This may sound difficult but it’s actually very easy to sprain your big toe. If the toe bends too far towards the top of the foot whilst the sole is flat on the ground, the ligaments and tendons of the toe joint can stretch and tear.
In theory, this could happen to anyone if you bend your toe the wrong way. For example, high heels force the wearers’ weight onto the toes, which are bent at an extreme angle. This can be enough to damage the soft tissues.
However, toe sprain mostly affects sportspeople as they constantly put their feet under more pressure than normal. By pushing off on their toes and running, jumping and changing direction rapidly, they weaken the ligaments and tendons of the metatarsophalangeal joint (or MTP joint). This is the point where the big toe connects with the foot.
The condition is particularly prevalent in footballers and athletes, so it’s usually known as turf toe (although the medical term is metatarsophalangeal joint sprain). This also affects dancers, gymnasts and wrestlers for the same reasons.
What Are the Symptoms?
If turf toe is the result of sudden injury, it will be painful immediately. You may also hear, and feel, an uncomfortable popping sensation when this happens, followed by pain and tenderness. If the condition arises from repetitive activities, it’s likely that pain will come on and increase gradually. In either case, you’ll experience the following:
- Very stiff toe – it’s unlikely you can bend or move it much, if at all.
- Tender and painful – this can be continuous or only when you touch the area. In extreme cases, it’ll be impossible to put weight on your toe.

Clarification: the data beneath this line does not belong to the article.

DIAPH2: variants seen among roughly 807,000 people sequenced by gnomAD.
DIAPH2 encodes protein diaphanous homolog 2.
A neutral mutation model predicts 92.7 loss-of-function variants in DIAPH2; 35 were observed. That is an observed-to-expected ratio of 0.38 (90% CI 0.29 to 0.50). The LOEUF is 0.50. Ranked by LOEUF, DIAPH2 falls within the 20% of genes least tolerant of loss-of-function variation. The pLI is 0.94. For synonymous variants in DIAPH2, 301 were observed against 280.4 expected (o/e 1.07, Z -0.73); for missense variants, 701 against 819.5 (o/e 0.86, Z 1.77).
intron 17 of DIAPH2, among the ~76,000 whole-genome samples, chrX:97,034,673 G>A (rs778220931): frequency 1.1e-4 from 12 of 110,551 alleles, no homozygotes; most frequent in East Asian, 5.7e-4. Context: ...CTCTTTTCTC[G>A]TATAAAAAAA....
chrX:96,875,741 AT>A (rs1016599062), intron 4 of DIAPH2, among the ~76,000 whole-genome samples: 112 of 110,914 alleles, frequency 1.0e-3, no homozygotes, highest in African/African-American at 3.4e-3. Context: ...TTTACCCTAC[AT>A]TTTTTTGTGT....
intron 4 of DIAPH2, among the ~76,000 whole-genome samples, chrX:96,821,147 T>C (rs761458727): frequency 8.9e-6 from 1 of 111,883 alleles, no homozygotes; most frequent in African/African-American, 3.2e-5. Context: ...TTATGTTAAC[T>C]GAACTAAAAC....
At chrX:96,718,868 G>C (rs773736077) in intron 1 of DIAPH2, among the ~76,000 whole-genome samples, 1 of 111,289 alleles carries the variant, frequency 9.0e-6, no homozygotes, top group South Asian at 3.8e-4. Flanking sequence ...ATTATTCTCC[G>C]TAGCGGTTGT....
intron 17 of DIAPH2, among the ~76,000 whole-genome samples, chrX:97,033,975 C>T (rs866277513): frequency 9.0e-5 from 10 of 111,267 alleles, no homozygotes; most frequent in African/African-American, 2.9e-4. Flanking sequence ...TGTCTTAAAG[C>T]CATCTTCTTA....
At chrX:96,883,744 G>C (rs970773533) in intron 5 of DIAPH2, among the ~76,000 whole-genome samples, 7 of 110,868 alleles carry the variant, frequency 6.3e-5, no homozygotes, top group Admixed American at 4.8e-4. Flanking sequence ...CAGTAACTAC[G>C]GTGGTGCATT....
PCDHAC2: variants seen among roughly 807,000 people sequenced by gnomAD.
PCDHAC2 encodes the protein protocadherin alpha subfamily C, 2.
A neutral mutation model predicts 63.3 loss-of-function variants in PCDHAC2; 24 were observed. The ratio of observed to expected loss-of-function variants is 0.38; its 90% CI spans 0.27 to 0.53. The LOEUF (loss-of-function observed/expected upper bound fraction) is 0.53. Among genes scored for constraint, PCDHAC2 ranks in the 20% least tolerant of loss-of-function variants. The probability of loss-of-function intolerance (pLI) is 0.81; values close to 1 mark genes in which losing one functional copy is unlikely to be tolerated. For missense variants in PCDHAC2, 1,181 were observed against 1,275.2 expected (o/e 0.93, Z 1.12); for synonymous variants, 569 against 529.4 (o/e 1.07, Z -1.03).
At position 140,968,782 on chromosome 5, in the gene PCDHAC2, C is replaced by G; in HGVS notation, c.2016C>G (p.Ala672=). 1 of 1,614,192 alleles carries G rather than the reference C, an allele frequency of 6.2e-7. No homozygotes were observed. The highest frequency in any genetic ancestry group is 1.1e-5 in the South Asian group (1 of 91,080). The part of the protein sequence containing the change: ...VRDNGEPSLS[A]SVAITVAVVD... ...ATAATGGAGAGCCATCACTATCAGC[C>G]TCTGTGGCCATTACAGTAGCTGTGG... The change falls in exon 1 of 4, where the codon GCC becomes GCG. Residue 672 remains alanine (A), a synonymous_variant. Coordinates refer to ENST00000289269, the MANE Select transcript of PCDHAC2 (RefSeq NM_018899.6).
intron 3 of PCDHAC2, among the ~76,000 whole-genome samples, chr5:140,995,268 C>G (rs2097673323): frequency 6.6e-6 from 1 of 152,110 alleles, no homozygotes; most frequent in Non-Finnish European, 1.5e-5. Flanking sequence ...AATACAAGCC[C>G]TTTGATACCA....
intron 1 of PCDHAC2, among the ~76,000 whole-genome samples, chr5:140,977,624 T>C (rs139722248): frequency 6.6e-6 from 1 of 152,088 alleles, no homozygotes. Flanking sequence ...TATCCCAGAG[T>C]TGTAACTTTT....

- Bruising and inflammation – around the base of the toe. This may reach up onto the foot.
- Wobbly joints – the MTP joint might feel unsteady and unable to support your weight.
How Can You Treat Turf Toe?
Happily, there are several ways to manage the problem, depending on the severity.
- Mild cases – the soft tissues are stretched and slightly swollen rather than completely torn. It’s likely that movement won’t be hampered too much.
- Intermediate cases – there are partial tears in the tendons and ligaments of the MTP joint with fairly strong pain and tenderness, and more severe bruising and swelling.
- Extreme cases – the tissues are completely torn with acute swelling and pain. The MTP joint can dislocate and it may even be broken. In this case, surgery will be necessary.
Mild and intermediate cases should heal well, but they’ll need time and plenty of rest. There are several ways to soothe the pain and ease swelling. Talk to your podiatrist for the best methods for you. Here are some of the things they may suggest:
- Rest every few hours and elevate the foot higher than your heart.
- Apply ice to your toe for around 20 minutes and relax.
- Stabilize – tape the big toe to the next toe to restrict movement and provide support. Your podiatrist will show you how to do this correctly.
- In time, you can start to do stretching exercises to increase flexibility and strengthen the joint muscles.
- Orthotics – to support and protect the joint. This is especially vital if you intend to return to sports.
- Over-the-counter anti-inflammatory medicine – but always check with a healthcare professional first.
The Right Advice at Feet By Pody
For reassuring advice and support talk to the experienced podiatrists at one of our London clinics.